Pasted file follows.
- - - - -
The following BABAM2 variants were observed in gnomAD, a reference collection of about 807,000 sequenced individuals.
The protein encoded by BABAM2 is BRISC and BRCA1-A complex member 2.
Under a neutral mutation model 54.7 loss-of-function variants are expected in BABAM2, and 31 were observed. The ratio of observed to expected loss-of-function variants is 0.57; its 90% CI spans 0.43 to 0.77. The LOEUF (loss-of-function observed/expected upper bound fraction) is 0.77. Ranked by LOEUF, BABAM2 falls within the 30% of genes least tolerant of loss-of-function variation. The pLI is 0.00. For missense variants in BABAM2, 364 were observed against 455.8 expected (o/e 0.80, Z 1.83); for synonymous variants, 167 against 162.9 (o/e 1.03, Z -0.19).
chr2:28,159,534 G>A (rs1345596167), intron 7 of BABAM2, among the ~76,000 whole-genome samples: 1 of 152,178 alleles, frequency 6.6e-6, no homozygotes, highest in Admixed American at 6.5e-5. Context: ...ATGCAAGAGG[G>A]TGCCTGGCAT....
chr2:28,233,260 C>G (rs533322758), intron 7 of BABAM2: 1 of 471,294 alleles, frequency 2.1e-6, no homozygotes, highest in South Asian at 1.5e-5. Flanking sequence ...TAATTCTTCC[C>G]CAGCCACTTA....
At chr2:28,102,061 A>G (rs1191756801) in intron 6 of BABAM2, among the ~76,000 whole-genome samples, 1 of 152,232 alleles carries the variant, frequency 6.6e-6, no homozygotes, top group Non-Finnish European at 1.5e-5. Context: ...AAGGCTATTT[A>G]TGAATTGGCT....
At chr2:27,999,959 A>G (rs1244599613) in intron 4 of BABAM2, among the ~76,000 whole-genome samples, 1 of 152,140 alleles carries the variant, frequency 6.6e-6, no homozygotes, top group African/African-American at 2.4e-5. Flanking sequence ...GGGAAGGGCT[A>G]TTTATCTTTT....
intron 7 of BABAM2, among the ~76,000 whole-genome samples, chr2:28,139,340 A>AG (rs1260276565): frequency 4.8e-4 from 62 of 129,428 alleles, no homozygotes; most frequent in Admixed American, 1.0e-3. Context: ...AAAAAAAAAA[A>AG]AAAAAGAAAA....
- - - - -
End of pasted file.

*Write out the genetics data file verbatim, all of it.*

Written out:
The following BABAM2 variants were observed in gnomAD, a reference collection of about 807,000 sequenced individuals.
The protein encoded by BABAM2 is BRISC and BRCA1-A complex member 2.
Under a neutral mutation model 54.7 loss-of-function variants are expected in BABAM2, and 31 were observed. The ratio of observed to expected loss-of-function variants is 0.57; its 90% CI spans 0.43 to 0.77. The LOEUF (loss-of-function observed/expected upper bound fraction) is 0.77. Ranked by LOEUF, BABAM2 falls within the 30% of genes least tolerant of loss-of-function variation. The pLI is 0.00. For missense variants in BABAM2, 364 were observed against 455.8 expected (o/e 0.80, Z 1.83); for synonymous variants, 167 against 162.9 (o/e 1.03, Z -0.19).
chr2:28,159,534 G>A (rs1345596167), intron 7 of BABAM2, among the ~76,000 whole-genome samples: 1 of 152,178 alleles, frequency 6.6e-6, no homozygotes, highest in Admixed American at 6.5e-5. Context: ...ATGCAAGAGG[G>A]TGCCTGGCAT....
chr2:28,233,260 C>G (rs533322758), intron 7 of BABAM2: 1 of 471,294 alleles, frequency 2.1e-6, no homozygotes, highest in South Asian at 1.5e-5. Flanking sequence ...TAATTCTTCC[C>G]CAGCCACTTA....
At chr2:28,102,061 A>G (rs1191756801) in intron 6 of BABAM2, among the ~76,000 whole-genome samples, 1 of 152,232 alleles carries the variant, frequency 6.6e-6, no homozygotes, top group Non-Finnish European at 1.5e-5. Context: ...AAGGCTATTT[A>G]TGAATTGGCT....
At chr2:27,999,959 A>G (rs1244599613) in intron 4 of BABAM2, among the ~76,000 whole-genome samples, 1 of 152,140 alleles carries the variant, frequency 6.6e-6, no homozygotes, top group African/African-American at 2.4e-5. Flanking sequence ...GGGAAGGGCT[A>G]TTTATCTTTT....
intron 7 of BABAM2, among the ~76,000 whole-genome samples, chr2:28,139,340 A>AG (rs1260276565): frequency 4.8e-4 from 62 of 129,428 alleles, no homozygotes; most frequent in Admixed American, 1.0e-3. Context: ...AAAAAAAAAA[A>AG]AAAAAGAAAA....